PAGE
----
I just don't think that this situation is the type where you get to rip up someone's AP card because you don't agree with how they handled it.
post #70 of 109
Thread Starter 
Thank You to all of you who gave suggestions & helpful hints as to an alternative way of going about this. The decision to have DH put DD to sleep was not well thought out or calculated in anyway. I was/am burnt out & I truely felt at that moment that he could give her more than I could. Seeing as he's gone most of the time, I have NO family here, all my friends are very mainstream & are NOT supportive of my parenting style---this all falls on my shoulders & I am burnt out. Thankfully DH is open to trying out some of the suggestions. He just wants me to be happy & healthy.
post #71 of 109
Quote:
He just wants me to be happy & healthy.
post #72 of 109
Quote:
I was/am burnt out & I truely felt at that moment that he could give her more than I could.
I know EXACTLY how you feel.....

Quote:
He just wants me to be happy & healthy.
Sounds like a wonderful guy you have there! Best of luck mama!
post #73 of 109
Follow your instincts mama. They are telling you something isn't right.

I know how it is to not have anyone around. I live in Hawaii and all my family and friends are on the east coast of the US. The people I have met here are either not AP parents or didn't have a clue one way or the other about taking care of a baby. On top of that, my dh is now deployed for at least 6 months. I had to search out other people who think like me. I went to a La Leche League meeting. I also went to the Alaska and Hawaii board here on Finding Your Tribe. I have since met some real AP parents face to face.

My suggestion to you on that is to seek out people who think like you do. You need support IRL. Go to a LLL meeting (they are very AP) and tell them exactly how you feel. They really do care and want to help. I know if I were with you and you told me what was going on I would do everything I could to help you. Find your local tribe on here and try to meet some of the other people. Maybe you can start your own playgroup, which might lead to shared babysitting and such.

Here's somthing I learned a long time ago that really helps me. "Acceptance is the answer to all my problems today. When I am distrubed it is because I find some person, place, thing or situation - some fact of my life - unacceptable to me, and I can find no serenity until I accept that person, place, thing or situation as being exactly the way it is supposed to be at this moment."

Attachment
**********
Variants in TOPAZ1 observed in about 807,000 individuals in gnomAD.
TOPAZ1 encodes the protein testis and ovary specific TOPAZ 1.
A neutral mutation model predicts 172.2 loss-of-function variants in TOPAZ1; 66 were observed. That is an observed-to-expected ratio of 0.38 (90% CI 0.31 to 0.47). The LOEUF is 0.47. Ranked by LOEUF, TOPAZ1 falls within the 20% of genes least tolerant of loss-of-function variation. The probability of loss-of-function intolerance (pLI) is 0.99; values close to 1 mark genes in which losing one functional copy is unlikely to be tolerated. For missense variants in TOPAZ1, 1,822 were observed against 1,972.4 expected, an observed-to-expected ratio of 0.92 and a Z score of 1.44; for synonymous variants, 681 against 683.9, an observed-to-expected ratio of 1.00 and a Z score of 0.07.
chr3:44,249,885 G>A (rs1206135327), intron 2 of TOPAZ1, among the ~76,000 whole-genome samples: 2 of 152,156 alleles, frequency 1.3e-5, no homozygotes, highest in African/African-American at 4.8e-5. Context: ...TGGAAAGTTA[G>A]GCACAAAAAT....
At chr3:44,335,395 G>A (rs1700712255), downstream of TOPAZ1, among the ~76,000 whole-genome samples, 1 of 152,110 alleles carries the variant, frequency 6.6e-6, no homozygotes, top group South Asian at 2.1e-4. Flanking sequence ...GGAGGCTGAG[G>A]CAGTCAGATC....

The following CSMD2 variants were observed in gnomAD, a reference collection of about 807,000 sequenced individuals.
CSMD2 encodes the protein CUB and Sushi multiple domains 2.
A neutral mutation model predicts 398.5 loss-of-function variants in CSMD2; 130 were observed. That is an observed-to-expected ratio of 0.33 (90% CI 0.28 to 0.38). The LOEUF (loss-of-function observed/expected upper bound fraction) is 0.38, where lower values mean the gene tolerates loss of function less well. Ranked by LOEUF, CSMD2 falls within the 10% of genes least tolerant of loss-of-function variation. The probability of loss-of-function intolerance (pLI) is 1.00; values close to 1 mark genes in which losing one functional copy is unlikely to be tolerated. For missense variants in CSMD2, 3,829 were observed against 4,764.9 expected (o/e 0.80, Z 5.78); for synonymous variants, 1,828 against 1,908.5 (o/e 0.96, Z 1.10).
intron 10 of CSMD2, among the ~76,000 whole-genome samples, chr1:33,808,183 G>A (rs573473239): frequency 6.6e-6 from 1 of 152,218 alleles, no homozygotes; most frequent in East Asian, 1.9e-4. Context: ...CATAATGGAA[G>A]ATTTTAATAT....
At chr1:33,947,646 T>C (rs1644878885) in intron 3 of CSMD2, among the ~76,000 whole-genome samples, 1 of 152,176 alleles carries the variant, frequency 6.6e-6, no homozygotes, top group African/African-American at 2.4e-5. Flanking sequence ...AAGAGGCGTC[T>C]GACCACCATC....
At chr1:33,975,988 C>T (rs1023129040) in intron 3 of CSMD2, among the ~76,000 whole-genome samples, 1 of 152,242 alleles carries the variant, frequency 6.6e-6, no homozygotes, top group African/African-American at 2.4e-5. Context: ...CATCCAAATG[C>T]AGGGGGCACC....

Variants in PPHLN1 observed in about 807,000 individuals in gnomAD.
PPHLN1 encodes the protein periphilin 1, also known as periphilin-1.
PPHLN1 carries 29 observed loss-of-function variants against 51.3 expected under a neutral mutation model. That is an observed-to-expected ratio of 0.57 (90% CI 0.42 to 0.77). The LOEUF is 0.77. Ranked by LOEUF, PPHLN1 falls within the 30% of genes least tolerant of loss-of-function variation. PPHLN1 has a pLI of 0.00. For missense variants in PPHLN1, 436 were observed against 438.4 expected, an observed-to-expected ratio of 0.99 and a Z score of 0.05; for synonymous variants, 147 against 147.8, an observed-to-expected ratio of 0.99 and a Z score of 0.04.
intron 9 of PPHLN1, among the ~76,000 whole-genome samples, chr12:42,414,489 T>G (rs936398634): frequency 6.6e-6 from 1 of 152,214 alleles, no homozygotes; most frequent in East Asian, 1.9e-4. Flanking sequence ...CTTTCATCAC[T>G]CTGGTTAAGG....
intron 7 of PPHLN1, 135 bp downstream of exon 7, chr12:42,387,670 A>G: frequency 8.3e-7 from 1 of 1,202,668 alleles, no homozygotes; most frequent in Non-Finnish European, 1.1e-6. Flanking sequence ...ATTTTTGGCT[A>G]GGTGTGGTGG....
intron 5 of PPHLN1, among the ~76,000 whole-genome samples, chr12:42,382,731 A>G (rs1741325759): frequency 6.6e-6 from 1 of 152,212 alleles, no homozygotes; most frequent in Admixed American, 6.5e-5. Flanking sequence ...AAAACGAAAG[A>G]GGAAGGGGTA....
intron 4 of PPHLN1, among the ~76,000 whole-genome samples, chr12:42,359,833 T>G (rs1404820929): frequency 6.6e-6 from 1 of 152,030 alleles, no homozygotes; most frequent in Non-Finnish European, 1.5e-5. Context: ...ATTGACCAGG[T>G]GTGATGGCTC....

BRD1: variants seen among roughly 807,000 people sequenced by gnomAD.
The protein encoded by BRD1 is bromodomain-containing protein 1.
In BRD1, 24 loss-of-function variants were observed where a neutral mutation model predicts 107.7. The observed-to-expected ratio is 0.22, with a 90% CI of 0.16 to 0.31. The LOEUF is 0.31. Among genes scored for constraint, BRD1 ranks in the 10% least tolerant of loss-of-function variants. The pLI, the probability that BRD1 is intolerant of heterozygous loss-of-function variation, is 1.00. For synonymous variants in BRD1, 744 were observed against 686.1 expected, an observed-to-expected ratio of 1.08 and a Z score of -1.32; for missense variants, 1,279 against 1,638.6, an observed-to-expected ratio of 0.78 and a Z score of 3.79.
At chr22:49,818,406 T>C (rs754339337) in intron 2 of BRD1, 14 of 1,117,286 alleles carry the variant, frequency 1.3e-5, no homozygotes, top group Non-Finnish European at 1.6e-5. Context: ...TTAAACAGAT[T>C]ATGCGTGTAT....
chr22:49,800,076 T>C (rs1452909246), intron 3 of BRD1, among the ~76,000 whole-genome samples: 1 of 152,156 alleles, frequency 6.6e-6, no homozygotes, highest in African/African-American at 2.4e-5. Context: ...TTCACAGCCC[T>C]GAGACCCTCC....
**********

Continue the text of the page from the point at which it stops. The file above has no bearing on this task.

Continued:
HTH
post #74 of 109
Arg -- Discussion moving too fast and causing the post I was writing to become obsolete...
post #75 of 109

A Husband's Perspective

I'm the DH of Mammo2Sammo. She encouraged me to add my two cents to this discussion.
Sleep has always been, by far, the most frustrating, exhausting part of parenting our otherwise mind-blowingly awsome kid. Being a part of the whole going-to-sleep routine / ordeal is a necessity for me, not a luxury. DW simply couldn't handle it alone. I don't think anyone could.

In the early months, he would nurse to sleep (always a struggle) or he would let us dance him to sleep; it was difficult but manageable. Around 6 or 7 months, everything changed. Suddenly, we were walking, singing, humming, driving, cajoling, begging, demanding, etc., ad infinitum. We wouldn't know what worked from night to night, and when something did work, we wouldn't know why. We finally got it together around 8.5 months, and I was a big part of it. DW would nurse him or otherwise cuddle him into a relatively calm state, and I had a "funny walk" (think Monty Python's Ministry of Silly Walks) that worked like magic. Sometimes, we also used Peter, Paul and Mary, Johnny Cash or Nirvana Unplugged (seriously) in conjunction with the "visualizer" function of iTunes to semi-hypnotize him into sleepyness.

For two nights a week, I was on my own, because DW had to tutor in the evening. This was Hell at first, but it got better. As she's since pointed out to me, after a month of it, we had to learn to rely on each other: I was forced to learn DS's cues, and DS had to learn to trust me. Putting him to sleep made me feel like a parent in full, rather than just The Impregnator / Paycheck / Housework Guy. I was an indispensible part of the family unit. It was almost -- from my DS's POV -- as if I had functioning boobies.